Today Alexa Rose is sharing the second single from her debut album, with “Like A Child”. Along with her Memphis backing band, including legendary guitarist Will Sexton, drummer George Sluppick and bassist Mark Edgar Stuart, Rose eschews the more Appalachian folk-influence on her first single to show her range with this country-soul number.
Talking about the track, she states: “When I wrote “Like A Child” I was trying to find some resilience, some buoyancy. I wrote it sitting on the floor of an empty house I almost moved in to but never did, just before I moved to Asheville NC in 2017. I was feeling really displaced and lost. The melody that came out of me was really carefree, and kind of juxtaposed the actual story of the song at first. It was one of those songs that you write in 30 minutes and move on from because you just needed to figure some things out.
I think what I was trying to find in that song was some reverence for the mystery of change, how it always reveals a purpose in time, whether it’s just two weeks or years later. Sometimes I try to think back on whatever day it is, two years ago, or ten years ago, and realize how little I could have predicted about my life at the present moment. And for me, if I can remember that, the seemingly cruel randomness of life’s upsets gets easier to navigate.
I used to play this song kind of slow and with a wayward sense of rhythm that fell out of time. In the studio we tried out tempos and landed on an upbeat, driving down the road kind of feel. It really brought the song up to a brighter place that fortifies the actual message. It’s probably my favorite song on the record now.”
Take a listen below…
Alexa Rose previously announced her debut full-length album with the title track and lead single, “Medicine For Living”. The track, which informs the title of her debut album, is a slice of contemporary roots music in the vein of Gillian Welch, imbued with the Appalachian storytelling sensibilities of her ancestral home in the Alleghany Highlands in western Virginia. Rose brings her poignant, soulful, timeless voice to this deep well of traditional songwriting.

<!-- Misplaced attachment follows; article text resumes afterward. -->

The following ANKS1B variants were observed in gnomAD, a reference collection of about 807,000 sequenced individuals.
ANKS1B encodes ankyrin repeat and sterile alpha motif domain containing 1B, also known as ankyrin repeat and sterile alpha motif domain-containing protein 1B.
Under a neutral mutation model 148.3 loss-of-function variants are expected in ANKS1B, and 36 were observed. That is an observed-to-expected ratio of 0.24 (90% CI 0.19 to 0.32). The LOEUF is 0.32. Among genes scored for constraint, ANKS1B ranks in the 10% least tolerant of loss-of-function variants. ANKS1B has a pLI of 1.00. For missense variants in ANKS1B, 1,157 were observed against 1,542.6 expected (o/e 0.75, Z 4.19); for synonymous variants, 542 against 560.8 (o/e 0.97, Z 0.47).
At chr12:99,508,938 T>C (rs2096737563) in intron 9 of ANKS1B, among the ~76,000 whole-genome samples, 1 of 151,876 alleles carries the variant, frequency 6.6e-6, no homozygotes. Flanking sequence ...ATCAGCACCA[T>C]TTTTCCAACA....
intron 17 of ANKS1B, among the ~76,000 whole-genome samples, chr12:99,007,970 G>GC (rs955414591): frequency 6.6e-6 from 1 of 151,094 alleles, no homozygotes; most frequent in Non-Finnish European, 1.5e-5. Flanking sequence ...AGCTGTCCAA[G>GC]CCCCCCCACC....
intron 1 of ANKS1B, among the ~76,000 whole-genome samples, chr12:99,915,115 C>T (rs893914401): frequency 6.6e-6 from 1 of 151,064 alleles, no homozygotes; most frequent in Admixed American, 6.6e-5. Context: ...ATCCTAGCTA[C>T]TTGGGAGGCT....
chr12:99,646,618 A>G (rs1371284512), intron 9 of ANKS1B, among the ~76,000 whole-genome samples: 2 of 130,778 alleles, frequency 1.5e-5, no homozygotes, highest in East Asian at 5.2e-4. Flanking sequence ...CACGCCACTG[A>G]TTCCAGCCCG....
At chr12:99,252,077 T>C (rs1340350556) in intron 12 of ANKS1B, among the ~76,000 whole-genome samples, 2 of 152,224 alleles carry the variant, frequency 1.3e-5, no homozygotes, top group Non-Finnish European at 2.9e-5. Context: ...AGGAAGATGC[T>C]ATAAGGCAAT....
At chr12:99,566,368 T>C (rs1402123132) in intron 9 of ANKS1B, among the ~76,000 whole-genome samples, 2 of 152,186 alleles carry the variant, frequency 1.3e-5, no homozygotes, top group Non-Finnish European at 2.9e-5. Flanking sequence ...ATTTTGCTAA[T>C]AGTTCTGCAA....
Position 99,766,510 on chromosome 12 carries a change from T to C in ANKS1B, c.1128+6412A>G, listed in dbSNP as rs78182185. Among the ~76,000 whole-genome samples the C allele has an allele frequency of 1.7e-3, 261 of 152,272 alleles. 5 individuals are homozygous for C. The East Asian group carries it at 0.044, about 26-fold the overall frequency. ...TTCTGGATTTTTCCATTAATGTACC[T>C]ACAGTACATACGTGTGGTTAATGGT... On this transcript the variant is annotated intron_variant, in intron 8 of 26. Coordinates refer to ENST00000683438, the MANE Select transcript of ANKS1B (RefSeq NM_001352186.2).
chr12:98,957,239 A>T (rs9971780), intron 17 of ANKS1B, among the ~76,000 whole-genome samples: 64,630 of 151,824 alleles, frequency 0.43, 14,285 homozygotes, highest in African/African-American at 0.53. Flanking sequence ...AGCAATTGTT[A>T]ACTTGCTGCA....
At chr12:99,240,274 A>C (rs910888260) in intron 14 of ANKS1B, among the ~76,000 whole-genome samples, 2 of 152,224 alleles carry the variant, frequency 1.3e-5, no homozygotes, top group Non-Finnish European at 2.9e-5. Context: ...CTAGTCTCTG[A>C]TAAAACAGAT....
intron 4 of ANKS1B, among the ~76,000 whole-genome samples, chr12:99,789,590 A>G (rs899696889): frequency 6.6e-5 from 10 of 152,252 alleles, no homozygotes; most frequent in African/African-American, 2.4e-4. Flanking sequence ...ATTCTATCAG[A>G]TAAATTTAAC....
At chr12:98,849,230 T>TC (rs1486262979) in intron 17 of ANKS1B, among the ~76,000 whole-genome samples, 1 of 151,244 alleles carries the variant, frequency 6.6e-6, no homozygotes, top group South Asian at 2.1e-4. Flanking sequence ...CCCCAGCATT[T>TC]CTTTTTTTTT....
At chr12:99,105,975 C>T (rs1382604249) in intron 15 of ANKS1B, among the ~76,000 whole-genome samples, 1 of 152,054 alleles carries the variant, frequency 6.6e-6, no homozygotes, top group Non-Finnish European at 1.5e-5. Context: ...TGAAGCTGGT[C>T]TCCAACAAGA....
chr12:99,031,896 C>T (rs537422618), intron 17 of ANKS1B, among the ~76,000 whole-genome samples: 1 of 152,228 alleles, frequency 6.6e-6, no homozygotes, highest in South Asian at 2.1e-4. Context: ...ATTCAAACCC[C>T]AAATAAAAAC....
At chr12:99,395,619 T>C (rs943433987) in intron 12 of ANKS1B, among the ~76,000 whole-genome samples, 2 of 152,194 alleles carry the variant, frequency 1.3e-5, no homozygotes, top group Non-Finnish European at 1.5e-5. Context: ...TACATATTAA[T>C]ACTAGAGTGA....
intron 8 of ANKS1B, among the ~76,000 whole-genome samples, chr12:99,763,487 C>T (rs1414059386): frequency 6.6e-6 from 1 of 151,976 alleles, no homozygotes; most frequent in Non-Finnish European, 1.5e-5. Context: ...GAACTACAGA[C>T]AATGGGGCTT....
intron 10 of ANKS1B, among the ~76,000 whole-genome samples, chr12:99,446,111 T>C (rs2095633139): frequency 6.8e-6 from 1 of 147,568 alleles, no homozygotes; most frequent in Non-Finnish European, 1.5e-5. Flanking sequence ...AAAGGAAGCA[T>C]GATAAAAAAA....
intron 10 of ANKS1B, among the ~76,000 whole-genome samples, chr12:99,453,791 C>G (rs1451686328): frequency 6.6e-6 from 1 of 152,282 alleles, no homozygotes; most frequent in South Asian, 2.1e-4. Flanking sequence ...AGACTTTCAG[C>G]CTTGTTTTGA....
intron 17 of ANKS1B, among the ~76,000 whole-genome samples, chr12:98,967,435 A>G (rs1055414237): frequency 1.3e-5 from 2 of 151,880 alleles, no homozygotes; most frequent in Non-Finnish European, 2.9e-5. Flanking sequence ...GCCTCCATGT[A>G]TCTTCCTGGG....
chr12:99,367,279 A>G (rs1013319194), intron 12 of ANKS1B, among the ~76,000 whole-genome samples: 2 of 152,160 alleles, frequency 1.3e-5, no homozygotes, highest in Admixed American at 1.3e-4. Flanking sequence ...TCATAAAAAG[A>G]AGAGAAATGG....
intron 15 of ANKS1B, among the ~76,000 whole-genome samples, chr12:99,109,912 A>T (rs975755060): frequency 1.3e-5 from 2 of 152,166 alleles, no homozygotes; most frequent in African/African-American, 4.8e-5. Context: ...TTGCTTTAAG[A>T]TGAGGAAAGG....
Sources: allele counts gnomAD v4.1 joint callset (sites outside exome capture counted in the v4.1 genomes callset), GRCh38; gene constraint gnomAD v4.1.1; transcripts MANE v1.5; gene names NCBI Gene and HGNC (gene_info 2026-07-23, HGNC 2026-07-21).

Alexa Rose will be on tour this Fall including an official showcase at AmericanaFest in Nashville, TN Sept 10th – 15th…
8/31 – Reeves Theatre – Elkin, NC
9/10 – 9/15 – AmericanaFest – Nashville, TN
10/3 – The Foundry – Athens, GA
10/5 – Isis Music Hall – Asheville, NC
10/6 – Carolina Theatre – Greensboro, NC
11/5 – Rockwood Music Hall – New York, NY
11/7 – Atwood’s Tavern – Cambridge, MA
11/8 – Cafe Nine – New Haven, CT
11/9 – The Locks At Sona – Philadelphia, PA
12/5 – Duke Performances – Durham, NC
In an era where the term Americana has lost much of its meaning, Medicine for Living is just that: a fully realized, multi-layered merger of old country music, traditional folk songs, colored by rock and roll and mountain soul. “There’s a lot of people I’m influenced by that show up in the songs in different ways,” says Rose. “Whether it’s John Prine or Townes Van Zandt, or Alynda Segarra from Hurray for the Riff Raff.”
Through her association with Tim Duffy – head of the non-profit Southern music preservation organization, Music Maker Relief Foundation — Rose was brought to the attention of Big Legal Mess label head Bruce Watson. He signed Rose and brought her to his Memphis home base to cut her full-length debut. “This album is Appalachia-meets-Memphis,” says Rose. “The stories and inspiration emanate from the mountains, but the tracks have all these different musical elements coming in.”
Recorded at Watson’s Delta-Sonic Studio, Rose is backed by a crew of Bluff City all-stars including a core band led by legendary guitarist Will Sexton, drummer George Sluppick and bassist Mark Edgar Stuart, with guests including organists Rick Steff (Lucero) and Al Gamble (St. Paul & The Broken Bones), among others.
“The funny thing was that I hadn’t met any of them at all before we started recording,” says Rose. “You know, playing your songs for someone in a studio is like getting naked in front of them; it’s a very personal thing to do. But when you play music together, you skip all the normal steps of a relationship immediately go to this really close place with people.”
Album co-producers Watson and Clay Jones (Modest Mouse, Buddy Guy) decided to keep the sessions feeling as fresh and immediate as possible. “None of the musicians had heard any of the songs or even heard me before we started. Bruce really wanted to capture their gut response to the music,” says Rose. “What came out of that was really cool – we sorta let the songs be like taffy – we let them be moved and shaped and pulled in new and different ways.”